In the Harry Potter series, mandrakes have powerful restorative properties. (Photo by Karen Roe [Flickr])

In the wizarding world, plants are not always what they seem. At Hogwarts, young witches and wizards learn about a wide range of magical plants and herbs in herbology class, and while some of these plants are similar to normal plants owned by muggles, others can instantly cure common ailments and produce unique abilities in those that consume them. But did you know that you might find plants much like these in your backyard? The whimsical world of Harry Potter draws inspiration from myth and folklore as well as from real life, so some of these fantastical plants have roots in the real world.


Mandrake, or mandragora, is a plant with a root that looks like a human. When the plant is young, the root resembles a baby, but as it matures, it appears older. The unique plant is introduced in the second-year herbology curriculum at Hogwarts.

Mandrakes can act as a prime ingredient in the Mandrake Restorative Draught, a cure for staff and students who have been petrified. The plant can also be used in potions and antidotes. But beware: The cry of the mandrake is fatal to anyone who hears it.

In the real world, mandrake roots originated in the Mediterranean and are part of the nightshade family. This is the same family that gives us potatoes, eggplants, peppers, and tomatoes.

Devil’s Snare

Devil’s snare is known for its tentacle-like appendages and its aversion to light and fire. The plant has a magical ability to strangle or constrict anything in its environment. When you resist the plant’s grasp, it just grips tighter. Snares prefer damp, dark environments and will recoil from bright light or fire.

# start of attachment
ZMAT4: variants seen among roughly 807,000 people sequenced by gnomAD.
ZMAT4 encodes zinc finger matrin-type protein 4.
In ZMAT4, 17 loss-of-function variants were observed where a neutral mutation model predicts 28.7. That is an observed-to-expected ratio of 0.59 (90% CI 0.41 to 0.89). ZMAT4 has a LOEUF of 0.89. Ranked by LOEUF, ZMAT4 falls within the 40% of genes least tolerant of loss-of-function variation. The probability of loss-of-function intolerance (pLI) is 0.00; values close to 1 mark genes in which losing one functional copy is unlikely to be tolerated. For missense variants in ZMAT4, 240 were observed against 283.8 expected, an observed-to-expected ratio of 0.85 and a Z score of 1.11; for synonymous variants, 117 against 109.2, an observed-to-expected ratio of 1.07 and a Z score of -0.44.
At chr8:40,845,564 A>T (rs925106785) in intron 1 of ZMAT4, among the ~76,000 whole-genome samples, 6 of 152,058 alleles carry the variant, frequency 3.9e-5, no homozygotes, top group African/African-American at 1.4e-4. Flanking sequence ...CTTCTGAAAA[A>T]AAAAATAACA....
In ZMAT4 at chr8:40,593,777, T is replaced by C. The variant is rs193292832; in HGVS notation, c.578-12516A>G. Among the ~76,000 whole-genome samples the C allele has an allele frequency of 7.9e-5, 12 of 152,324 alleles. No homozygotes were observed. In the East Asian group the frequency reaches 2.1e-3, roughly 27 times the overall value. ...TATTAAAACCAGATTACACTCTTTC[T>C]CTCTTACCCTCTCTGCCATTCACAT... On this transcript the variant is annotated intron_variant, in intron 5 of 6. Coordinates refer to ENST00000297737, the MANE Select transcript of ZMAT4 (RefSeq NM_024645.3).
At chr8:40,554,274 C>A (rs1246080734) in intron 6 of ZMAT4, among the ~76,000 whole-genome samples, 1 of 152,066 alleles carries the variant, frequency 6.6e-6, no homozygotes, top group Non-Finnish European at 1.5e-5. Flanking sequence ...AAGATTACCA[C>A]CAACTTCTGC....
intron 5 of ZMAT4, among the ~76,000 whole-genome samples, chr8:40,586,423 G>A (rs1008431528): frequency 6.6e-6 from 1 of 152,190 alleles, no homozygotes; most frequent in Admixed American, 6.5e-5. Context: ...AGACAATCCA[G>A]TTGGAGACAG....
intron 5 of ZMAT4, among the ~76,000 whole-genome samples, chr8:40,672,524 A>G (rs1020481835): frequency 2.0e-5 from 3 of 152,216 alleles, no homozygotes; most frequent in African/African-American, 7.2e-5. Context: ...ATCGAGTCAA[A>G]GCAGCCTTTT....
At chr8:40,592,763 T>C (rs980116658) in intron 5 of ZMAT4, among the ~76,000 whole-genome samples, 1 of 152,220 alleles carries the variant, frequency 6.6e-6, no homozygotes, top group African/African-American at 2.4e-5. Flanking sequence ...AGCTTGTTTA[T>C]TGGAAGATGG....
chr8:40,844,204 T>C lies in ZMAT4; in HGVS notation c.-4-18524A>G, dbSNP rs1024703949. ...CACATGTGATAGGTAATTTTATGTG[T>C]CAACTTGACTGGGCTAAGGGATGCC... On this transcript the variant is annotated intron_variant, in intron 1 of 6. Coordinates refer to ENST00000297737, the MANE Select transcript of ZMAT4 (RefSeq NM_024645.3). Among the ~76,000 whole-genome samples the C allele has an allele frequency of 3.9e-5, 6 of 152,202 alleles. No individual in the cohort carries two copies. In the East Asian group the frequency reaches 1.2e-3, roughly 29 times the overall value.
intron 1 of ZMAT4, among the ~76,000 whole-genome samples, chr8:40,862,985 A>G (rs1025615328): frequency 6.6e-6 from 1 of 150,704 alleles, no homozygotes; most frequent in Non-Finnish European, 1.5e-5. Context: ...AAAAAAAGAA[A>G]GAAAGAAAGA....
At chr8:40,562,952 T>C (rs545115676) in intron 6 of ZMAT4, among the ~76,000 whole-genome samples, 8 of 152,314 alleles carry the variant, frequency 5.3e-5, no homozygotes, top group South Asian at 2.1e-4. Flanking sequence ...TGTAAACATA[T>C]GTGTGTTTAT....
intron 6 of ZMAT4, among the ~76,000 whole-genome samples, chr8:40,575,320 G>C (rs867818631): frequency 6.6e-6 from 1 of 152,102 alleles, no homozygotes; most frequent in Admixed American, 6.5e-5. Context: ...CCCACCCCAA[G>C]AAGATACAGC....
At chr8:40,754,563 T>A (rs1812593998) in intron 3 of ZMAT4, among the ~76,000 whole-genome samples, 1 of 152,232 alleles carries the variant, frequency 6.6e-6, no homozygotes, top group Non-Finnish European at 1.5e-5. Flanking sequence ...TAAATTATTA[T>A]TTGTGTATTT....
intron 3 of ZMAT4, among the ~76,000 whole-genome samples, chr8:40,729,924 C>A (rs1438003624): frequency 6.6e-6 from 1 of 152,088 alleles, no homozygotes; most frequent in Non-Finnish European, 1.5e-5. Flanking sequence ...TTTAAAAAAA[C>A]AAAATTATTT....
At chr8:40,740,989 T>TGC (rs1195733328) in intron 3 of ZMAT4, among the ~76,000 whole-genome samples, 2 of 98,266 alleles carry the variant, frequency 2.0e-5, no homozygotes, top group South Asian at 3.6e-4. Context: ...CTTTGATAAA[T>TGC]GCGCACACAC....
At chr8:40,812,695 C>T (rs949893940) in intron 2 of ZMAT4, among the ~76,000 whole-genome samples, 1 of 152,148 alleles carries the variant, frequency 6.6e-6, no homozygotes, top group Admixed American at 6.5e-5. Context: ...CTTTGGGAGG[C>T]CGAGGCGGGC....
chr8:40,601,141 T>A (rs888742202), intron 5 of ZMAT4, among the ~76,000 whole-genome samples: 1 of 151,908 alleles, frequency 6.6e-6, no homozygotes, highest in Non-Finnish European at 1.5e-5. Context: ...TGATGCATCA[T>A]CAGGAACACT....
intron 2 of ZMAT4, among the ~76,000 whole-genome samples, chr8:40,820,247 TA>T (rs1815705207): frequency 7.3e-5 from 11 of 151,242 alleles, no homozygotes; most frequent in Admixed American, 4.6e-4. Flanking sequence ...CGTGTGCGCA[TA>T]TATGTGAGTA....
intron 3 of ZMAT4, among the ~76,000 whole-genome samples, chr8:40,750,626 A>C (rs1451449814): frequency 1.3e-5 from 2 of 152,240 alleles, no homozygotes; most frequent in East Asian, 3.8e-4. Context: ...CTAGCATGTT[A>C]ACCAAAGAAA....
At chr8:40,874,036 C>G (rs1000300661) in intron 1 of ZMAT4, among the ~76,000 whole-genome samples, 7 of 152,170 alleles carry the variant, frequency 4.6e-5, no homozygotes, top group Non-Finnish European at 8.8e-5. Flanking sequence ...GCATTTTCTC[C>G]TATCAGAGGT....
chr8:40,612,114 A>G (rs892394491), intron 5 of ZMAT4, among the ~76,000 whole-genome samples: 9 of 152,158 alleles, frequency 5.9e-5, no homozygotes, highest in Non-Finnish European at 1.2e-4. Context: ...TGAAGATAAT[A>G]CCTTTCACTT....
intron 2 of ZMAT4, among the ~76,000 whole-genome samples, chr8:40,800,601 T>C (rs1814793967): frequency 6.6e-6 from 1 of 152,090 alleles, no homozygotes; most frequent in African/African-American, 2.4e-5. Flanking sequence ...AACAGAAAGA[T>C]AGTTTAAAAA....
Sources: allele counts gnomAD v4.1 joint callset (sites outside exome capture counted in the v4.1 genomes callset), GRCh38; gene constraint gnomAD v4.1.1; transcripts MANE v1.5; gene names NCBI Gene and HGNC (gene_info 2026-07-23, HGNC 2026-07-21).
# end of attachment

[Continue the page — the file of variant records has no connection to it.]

The deadly plant is similar to jimson weed in the real world. Also part of the nightshade family, jimson weed can cause blurred vision, hallucinations, comas, and even death.


Native to the Mediterranean Sea, gillyweed is a magical plant that resembles a bundle of gray-green, slimy rat tails. When the plant is consumed by a witch or wizard, they will grow gills that allow them to breathe underwater. The effects of gillyweed typically last about one hour.

In real life, gillyweed is similar to swamp pink. Listed as a threatened species in 1988, swamp pink is a member of the lily family and grows in wetlands.


Wolfsbane, also known as aconite or monkshood, is a prime ingredient in Wolfsbane Potion. The highly toxic plant is used in the films to help werewolves get through their monthly transformation without violence. The Wolfsbane Potion was also used as an ingredient in the Wideye or Awakening Potion.

In the series, the plant looks similar to its real-life counterpart, with deep purplish-blue blooms. Aconitum, commonly known as wolfsbane, is a perennial native to the mountainous parts of the Northern Hemisphere. There are more than 250 species of these flowering plants, and most are extremely poisonous.


Belladonna goes by many names, including atropa, dwale, death’s herb, deadly nightshade, and witch’s berry. In potions class at Hogwarts, the essence of the poisonous plant is a component of their standard potion-making kit.

In reality, belladonna is one of the most toxic plants in the Western Hemisphere. It was used in ancient times to create poisonous arrows. The plant is also a source of atropine, a drug that is used in eye operations to dilate the pupil.


Covered in shiny protrusions, bubotubers resemble large, thick slugs. When squeezed, the plant emits thick, green-yellow pus with an odor similar to gasoline. The pus of a bubotuber is an effective topical treatment for severe acne.

While the bubotuber is a one-of-a-kind plant, there are several herbs in the real world that provide similar skin benefits. For instance, manjistha is a perennial climber used in Ayurvedic medicine. The plant is believed to support the lymphatic system, resulting in healthy skin. With its antibacterial, anti-inflammatory, and anti-androgenic abilities, it has been found useful in preventing and treating acne.